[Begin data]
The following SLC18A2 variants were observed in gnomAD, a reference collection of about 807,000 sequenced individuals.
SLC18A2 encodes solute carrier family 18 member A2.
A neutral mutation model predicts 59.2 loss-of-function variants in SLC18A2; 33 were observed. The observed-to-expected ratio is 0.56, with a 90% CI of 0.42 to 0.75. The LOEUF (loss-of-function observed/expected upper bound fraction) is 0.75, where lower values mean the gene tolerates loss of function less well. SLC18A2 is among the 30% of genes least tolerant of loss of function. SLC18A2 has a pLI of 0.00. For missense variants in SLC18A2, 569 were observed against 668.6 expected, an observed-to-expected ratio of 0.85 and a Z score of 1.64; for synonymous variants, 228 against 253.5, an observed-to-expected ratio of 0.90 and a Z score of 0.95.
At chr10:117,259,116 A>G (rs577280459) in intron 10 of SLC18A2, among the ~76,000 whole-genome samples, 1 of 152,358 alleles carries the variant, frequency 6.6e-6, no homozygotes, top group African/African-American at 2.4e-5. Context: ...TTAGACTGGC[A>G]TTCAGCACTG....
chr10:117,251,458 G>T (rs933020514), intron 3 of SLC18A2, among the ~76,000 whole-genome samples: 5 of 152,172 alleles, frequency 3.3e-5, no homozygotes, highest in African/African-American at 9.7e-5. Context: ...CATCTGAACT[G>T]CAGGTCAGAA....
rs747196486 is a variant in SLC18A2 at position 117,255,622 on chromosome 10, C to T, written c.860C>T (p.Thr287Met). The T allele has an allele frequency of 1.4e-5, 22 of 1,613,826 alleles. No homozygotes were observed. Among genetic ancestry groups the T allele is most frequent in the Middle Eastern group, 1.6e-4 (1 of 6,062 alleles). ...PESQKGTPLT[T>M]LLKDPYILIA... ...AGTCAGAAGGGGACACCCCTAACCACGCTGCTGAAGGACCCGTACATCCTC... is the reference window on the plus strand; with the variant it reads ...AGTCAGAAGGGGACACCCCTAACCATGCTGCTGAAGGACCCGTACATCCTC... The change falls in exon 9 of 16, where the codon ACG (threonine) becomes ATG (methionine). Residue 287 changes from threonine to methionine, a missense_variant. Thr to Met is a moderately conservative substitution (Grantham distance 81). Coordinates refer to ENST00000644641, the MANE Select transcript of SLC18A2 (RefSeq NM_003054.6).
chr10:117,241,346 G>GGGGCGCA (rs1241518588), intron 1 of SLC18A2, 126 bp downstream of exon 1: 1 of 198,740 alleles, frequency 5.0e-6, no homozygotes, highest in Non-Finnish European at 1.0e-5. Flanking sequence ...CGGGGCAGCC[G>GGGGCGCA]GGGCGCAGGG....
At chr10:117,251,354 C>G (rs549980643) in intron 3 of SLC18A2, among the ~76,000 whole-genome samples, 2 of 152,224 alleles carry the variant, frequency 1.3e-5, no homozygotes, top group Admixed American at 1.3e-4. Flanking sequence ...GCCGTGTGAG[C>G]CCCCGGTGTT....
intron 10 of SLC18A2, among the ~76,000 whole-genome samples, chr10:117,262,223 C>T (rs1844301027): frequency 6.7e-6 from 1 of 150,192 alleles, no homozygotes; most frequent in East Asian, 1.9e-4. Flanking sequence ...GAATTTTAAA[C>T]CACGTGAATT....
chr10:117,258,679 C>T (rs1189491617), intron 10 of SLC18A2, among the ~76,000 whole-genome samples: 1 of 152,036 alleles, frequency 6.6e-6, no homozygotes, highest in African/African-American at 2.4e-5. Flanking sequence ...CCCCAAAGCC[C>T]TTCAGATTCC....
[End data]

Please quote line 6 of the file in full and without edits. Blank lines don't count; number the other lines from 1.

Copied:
rs747196486 is a variant in SLC18A2 at position 117,255,622 on chromosome 10, C to T, written c.860C>T (p.Thr287Met). The T allele has an allele frequency of 1.4e-5, 22 of 1,613,826 alleles. No homozygotes were observed. Among genetic ancestry groups the T allele is most frequent in the Middle Eastern group, 1.6e-4 (1 of 6,062 alleles). ...PESQKGTPLT[T>M]LLKDPYILIA... ...AGTCAGAAGGGGACACCCCTAACCACGCTGCTGAAGGACCCGTACATCCTC... is the reference window on the plus strand; with the variant it reads ...AGTCAGAAGGGGACACCCCTAACCATGCTGCTGAAGGACCCGTACATCCTC... The change falls in exon 9 of 16, where the codon ACG (threonine) becomes ATG (methionine). Residue 287 changes from threonine to methionine, a missense_variant. Thr to Met is a moderately conservative substitution (Grantham distance 81). Coordinates refer to ENST00000644641, the MANE Select transcript of SLC18A2 (RefSeq NM_003054.6).